In November 2002, the School of the Arts is named for community leader Ernestine M. Raclin in recognition of a gift to the school from her. On Nov. 7, 2012, the school performed its first ballet, Swan Lake (5).

A look bAck

at the historic tenure of chancellor

UnA MAe Reck .

The Fountain, Crossroads (6), is installed in the quad and dedicated in April 2003. Created by sculptor and professor emeritus Tuck Langland, it symoblizes education and cooperation, with one figure helping the other across troubled waters.

In spring 2002, Una Mae Reck (1) is named chancellor of Indiana University South Bend. She will be the fifth chancellor of the campus and its first woman chancellor. 4

Reck is installed as chancellor on Sept. 27, 2002. That same day the Student Activities Center (SAC) (2) is dedicated. The basketball court (3), chairs, and scorer’s table were redesigned in summer 2010. In spring 2003, the inaugural issue of Foundations (4) was published by the Office of Communications and Marketing at IU South Bend. The installation of Una Mae Reck as Chancellor graces the cover. As of 2013 Foundations is mailed biannually to nearly 30,000 IU South Bend alumni and friends.




foundations 2002-2013








The Black Box Theater in Northside Hall is renovated in the fall 2011.

The pedestrian bridge (7) linking the main campus to property across the St. Joseph River is dedicated on Nov. 20, 2006.

Another sport is added. The first women’s volleyball game is played in August 2011 (15).

The groundbreaking for River Crossing student housing (8) is held on June 12, 2007.

The two courtyards in the Administration Building are completed in August 2012. The east courtyard is a gift from Kurt Simon (deceased) honoring Mary Lou Gordon. The west court yard is a gift from Barbara K. Warner (16).

The IU South Bend Elkhart Center is dedicated on Aug. 29, 2007 (9). The building (10) has 13 classrooms, a computer lab and a science lab (11-12). More than 50 classes are taught there each semester. The Hammes Information Commons in the Schurz Library (13) is dedicated in October 2007.



Renovations in the Administration Building begin in 2008 and include the second floor (17-18), the Gateway and offices on the first floor, and the University Grill.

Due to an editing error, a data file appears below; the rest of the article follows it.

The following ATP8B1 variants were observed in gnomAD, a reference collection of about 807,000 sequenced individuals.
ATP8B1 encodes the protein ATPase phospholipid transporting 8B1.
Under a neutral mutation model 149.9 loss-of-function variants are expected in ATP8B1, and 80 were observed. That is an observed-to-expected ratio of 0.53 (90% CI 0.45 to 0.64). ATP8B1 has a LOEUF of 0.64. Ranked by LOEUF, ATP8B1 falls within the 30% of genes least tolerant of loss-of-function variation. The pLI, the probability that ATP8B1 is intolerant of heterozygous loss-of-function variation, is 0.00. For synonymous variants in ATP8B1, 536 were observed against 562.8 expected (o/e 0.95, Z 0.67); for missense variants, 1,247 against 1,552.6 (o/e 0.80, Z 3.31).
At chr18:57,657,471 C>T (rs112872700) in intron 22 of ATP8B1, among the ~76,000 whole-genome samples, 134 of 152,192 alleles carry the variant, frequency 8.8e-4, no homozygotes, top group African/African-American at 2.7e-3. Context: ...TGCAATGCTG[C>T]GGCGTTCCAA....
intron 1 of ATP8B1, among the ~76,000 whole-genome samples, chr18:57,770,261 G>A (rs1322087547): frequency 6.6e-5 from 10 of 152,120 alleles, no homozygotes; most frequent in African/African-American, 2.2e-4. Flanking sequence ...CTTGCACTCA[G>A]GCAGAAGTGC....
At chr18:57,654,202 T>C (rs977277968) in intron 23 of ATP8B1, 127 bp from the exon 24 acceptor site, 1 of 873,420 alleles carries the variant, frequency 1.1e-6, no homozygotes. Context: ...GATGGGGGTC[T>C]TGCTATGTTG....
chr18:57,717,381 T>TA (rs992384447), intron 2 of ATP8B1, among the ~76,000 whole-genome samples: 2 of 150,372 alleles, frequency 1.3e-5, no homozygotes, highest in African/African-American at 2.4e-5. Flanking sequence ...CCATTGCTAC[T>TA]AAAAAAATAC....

In August 2008, River Crossing opens and the Center for a Sustainable Future is approved.

The University Grill is renovated and opens in January 2012.

The Dorene Dwyer Hammes Media Commons & Café is dedicated Oct. 21, 2009, in the Schurz Library The Community Building at River Crossing receives LEED Silver Certification™ in 2011.

On Sept. 21, 2012, the business school is officially named the Judd Leighton School of Business and Economics in recognition of a $4 million gift from the Judd Leighton Foundation (19).

The Civil Rights Heritage Center at the Natatorium (14)opens May 23, 2010, with speeches and a march down Washington Street.

The groundbreaking for the $22 million renovation of the Education and Arts Building is June 23, 2011. Renovation continues through March 2013. 16

Special thanks to photographers; Matt Cashore, Peter Ringenberg, Tyagan Miller, Sara Lowe, Bryce Richter, and the South Bend Tribune.


Illinois – Chicago; and coordinator, Minority and Urban Education Graduate Program and assistant professor of Curriculum and Instruction at the University of Maryland – College Park. He has been an elementary school teacher in Chicago Public Schools and New York City Public Schools. He earned a Ph.D. in social sciences and education from the University of California – Los Angeles; M.A. in curriculum and instruction from Teachers College at Columbia University in New York; and has a B.S. in elementary education. Lynn will begin his duties on July 1, 2013.

NEW DEAN OF COLLEGE OF HEALTH SCIENCES Mario Ortiz has been named the dean of the College of Health Sciences at IU South Bend. Ortiz is currently the chair of the nursing department at Purdue University North Central (PNC) in Westville, Ind. He will begin his duties at IU South Bend on July 1, 2013. Ortiz has served the nursing department at PNC in various roles since 2005. Previously, he worked in the schools of nursing at the University of Portland in Oregon, Cleveland State University in Ohio, the University of Nevada in Reno and DePaul University in Chicago. Ortiz has a bachelor’s and a master’s degree in nursing from Valparaiso University and a doctorate in philosophy, nursing from Loyola University in Chicago. Douglas McMillen, professor of chemistry at IU South Bend, has been serving as interim dean since the death of Mary Jo Regan-Kubinski in 2011.

NEW DEAN OF SCHOOL OF EDUCATION Marvin Lynn has been named the new dean of the School of Education at IU South Bend. Lynn has 20 years of experience in education, including teaching and numerous administrative positions. He is currently serving as associate dean for Teacher Education at the University of Wisconsin-Eau Claire. Lynn has previously served as associate professor of Curriculum and Instruction and director of Graduate and Undergraduate Elementary Teacher Education Programs at the University of